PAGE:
C.S. Lewis’s “The Weight of Glory”

I had to read The Weight of Glory by C.S. Lewis for my ethics class this semester and I wonder why I never read it before!  Here’s my summary of the content.

Many people think unselfishness is the greatest virtue, which means self-denial in some way.  To Christians throughout history, the greatest virtue was love.  While self-denial is taught in the Scriptures, it is not an end in itself, but a means to follow Christ, which is a teaching in Scripture filled with appeals to self-interest.  So our self-interest is important to God and should be important to us, the problem is that we have weak desires for small things rather than strong desires for the best things: God and eternal life with Him. 

This does not make Christianity a “mercenary” affair. Doing an action for the sake of a reward is only immoral when the reward does not have a natural connection to the act.  For example, marrying for money is self-interested in a bad way because the money is a tacked-on extra that is not a natural part of marriage.  However, marrying for the blessing of being with the woman you love is a natural result of marriage and a perfectly legitimate reason to get married.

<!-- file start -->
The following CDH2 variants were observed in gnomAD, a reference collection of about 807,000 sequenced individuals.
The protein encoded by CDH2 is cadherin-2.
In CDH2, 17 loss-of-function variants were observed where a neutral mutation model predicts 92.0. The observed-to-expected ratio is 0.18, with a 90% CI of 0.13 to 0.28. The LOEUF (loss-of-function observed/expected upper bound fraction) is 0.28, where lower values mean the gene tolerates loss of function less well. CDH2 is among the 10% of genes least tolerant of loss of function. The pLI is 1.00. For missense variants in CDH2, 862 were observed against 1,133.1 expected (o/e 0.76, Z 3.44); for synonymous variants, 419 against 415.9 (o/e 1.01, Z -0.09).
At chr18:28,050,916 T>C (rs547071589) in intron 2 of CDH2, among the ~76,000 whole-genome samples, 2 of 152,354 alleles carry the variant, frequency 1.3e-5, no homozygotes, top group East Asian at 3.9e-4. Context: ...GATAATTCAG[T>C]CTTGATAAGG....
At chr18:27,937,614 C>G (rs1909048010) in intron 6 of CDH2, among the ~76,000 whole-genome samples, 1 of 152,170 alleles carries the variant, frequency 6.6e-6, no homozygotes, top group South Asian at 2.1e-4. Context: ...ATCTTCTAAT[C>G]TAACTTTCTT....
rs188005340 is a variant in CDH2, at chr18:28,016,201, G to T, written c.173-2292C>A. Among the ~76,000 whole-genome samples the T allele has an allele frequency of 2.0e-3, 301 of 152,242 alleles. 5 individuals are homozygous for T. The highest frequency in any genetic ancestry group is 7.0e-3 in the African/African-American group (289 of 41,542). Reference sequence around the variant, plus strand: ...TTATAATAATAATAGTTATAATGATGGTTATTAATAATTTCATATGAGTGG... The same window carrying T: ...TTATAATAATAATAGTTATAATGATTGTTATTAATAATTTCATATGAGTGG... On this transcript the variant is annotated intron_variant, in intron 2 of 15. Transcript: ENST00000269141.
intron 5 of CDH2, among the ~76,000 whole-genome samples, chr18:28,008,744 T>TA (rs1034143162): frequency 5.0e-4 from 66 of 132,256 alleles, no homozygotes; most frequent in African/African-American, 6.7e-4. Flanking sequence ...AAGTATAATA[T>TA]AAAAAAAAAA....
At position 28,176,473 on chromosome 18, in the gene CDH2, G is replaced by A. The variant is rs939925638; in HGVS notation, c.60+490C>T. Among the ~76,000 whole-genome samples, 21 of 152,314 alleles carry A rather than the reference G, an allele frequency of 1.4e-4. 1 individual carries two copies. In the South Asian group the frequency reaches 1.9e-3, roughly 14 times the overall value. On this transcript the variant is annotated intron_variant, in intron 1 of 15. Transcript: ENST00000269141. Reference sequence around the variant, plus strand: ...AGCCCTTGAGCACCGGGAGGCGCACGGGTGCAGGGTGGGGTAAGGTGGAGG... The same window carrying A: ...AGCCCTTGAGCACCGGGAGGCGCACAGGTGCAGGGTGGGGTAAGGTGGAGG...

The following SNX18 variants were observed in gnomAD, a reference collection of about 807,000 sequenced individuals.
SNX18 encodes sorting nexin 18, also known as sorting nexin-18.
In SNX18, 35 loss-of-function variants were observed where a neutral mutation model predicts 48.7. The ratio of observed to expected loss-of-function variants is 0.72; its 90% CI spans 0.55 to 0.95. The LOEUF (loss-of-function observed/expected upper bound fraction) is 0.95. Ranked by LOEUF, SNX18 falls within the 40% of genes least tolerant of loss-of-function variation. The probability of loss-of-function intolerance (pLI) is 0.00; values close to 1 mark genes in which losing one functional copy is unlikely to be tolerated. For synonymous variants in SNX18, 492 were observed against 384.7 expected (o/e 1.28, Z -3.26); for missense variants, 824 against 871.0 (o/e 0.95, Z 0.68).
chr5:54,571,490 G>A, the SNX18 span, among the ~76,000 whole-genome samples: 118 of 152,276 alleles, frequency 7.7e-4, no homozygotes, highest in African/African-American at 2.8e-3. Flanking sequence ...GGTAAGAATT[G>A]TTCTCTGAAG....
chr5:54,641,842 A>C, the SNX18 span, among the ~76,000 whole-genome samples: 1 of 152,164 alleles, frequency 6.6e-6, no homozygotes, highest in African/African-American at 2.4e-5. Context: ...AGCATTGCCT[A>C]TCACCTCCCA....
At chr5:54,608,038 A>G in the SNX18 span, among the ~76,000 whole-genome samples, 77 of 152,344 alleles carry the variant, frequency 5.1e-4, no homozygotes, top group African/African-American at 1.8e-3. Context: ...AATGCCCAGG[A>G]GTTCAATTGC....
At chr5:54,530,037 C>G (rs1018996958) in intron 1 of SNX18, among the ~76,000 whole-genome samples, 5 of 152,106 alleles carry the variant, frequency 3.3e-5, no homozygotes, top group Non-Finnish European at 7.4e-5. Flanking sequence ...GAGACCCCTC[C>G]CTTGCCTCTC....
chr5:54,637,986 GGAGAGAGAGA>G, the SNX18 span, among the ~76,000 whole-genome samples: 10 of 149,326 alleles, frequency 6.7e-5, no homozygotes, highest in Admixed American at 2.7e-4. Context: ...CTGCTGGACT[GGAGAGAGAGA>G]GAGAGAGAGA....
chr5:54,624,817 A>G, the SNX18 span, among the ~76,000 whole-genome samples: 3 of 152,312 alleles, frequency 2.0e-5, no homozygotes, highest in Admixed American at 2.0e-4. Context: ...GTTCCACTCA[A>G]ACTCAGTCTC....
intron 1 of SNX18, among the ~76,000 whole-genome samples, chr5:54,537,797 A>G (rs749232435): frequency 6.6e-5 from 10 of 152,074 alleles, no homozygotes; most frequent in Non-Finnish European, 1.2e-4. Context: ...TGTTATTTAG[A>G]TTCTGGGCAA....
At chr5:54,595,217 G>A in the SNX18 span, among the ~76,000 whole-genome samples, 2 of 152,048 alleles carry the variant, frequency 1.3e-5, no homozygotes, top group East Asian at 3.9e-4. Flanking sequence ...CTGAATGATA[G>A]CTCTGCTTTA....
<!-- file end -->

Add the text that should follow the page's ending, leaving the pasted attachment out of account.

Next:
Sometimes there are rewards to be gained naturally by certain actions that we are not aware of yet.  Enjoying Greek poetry is a natural reward for learning Greek, but a student of Greek might not know this blessing yet.  He has to do it in order to pass his classes or to please his teachers, so in a sense he is being “mercenary.”  But the student of Greek will begin to enjoy it more and more and he will likely already have an interest in English poetry, which foreshadows more blessings to come when he is able to read Greek poetry. 

Christians are in a similar situation to the Greek student.  We cannot be fully aware of the blessings we get so it feels like drudgery at first to be obedient to God, but over time we come to know the rewards to a small extent and come to learn that the blessings we receive now, though of diminished value when compared to Heaven, foreshadow the blessings we will have with God.  This is why we cannot think of our worldly blessings as ends in themselves or begin putting our trust in them, because they are only shadows pointing to what is to come.  All of us have a longing for paradise and fulfillment that points to Heaven in the way that our hunger points to food, but we must not let modern philosophies and distractions silence that longing.  There will also be glory for us in Heaven, which means approval from God or fame with Him rather than fame and approval from others.  This is a natural reward of love that we desire for following and loving God.

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